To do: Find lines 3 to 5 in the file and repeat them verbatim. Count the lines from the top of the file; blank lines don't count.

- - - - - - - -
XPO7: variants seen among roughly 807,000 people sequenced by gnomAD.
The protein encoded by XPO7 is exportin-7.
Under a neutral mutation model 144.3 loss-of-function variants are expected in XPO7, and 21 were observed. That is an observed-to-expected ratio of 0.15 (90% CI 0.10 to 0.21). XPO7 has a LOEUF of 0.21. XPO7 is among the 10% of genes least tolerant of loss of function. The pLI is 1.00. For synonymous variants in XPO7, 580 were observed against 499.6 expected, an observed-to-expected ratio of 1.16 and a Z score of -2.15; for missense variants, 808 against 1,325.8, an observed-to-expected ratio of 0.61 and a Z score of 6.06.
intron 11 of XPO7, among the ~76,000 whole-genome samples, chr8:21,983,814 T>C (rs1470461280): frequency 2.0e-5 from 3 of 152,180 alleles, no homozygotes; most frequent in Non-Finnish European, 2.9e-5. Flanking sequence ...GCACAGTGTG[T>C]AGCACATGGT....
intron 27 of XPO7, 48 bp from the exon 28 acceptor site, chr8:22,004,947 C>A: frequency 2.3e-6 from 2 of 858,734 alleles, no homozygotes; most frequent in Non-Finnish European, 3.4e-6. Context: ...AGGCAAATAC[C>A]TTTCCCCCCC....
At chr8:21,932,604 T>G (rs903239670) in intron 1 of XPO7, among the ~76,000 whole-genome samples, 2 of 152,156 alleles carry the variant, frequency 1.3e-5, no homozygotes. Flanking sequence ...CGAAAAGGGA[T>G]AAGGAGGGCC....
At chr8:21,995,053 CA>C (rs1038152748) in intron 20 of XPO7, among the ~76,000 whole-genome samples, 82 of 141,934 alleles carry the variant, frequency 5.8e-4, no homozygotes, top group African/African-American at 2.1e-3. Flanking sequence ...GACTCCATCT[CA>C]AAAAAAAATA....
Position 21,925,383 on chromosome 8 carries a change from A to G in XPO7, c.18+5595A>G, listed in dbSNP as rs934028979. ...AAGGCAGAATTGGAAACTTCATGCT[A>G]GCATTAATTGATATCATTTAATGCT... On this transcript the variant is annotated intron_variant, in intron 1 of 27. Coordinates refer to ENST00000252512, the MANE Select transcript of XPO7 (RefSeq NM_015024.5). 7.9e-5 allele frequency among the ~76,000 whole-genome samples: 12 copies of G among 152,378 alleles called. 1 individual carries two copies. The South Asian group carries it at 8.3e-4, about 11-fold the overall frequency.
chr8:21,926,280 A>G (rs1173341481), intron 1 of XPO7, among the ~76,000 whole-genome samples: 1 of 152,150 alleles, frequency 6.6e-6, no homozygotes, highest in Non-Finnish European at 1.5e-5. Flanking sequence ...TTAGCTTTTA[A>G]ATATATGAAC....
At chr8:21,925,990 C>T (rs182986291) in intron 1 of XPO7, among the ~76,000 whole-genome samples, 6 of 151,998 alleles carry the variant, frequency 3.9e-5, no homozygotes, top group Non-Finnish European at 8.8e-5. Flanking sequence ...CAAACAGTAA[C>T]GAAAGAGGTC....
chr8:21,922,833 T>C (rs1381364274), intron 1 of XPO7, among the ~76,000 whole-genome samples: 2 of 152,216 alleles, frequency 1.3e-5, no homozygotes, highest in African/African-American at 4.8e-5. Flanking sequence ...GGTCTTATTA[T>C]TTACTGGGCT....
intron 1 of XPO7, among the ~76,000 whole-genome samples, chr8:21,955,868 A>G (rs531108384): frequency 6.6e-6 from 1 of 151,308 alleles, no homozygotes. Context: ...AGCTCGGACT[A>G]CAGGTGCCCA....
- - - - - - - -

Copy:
Under a neutral mutation model 144.3 loss-of-function variants are expected in XPO7, and 21 were observed. That is an observed-to-expected ratio of 0.15 (90% CI 0.10 to 0.21). XPO7 has a LOEUF of 0.21. XPO7 is among the 10% of genes least tolerant of loss of function. The pLI is 1.00. For synonymous variants in XPO7, 580 were observed against 499.6 expected, an observed-to-expected ratio of 1.16 and a Z score of -2.15; for missense variants, 808 against 1,325.8, an observed-to-expected ratio of 0.61 and a Z score of 6.06.
intron 11 of XPO7, among the ~76,000 whole-genome samples, chr8:21,983,814 T>C (rs1470461280): frequency 2.0e-5 from 3 of 152,180 alleles, no homozygotes; most frequent in Non-Finnish European, 2.9e-5. Flanking sequence ...GCACAGTGTG[T>C]AGCACATGGT....
intron 27 of XPO7, 48 bp from the exon 28 acceptor site, chr8:22,004,947 C>A: frequency 2.3e-6 from 2 of 858,734 alleles, no homozygotes; most frequent in Non-Finnish European, 3.4e-6. Context: ...AGGCAAATAC[C>A]TTTCCCCCCC....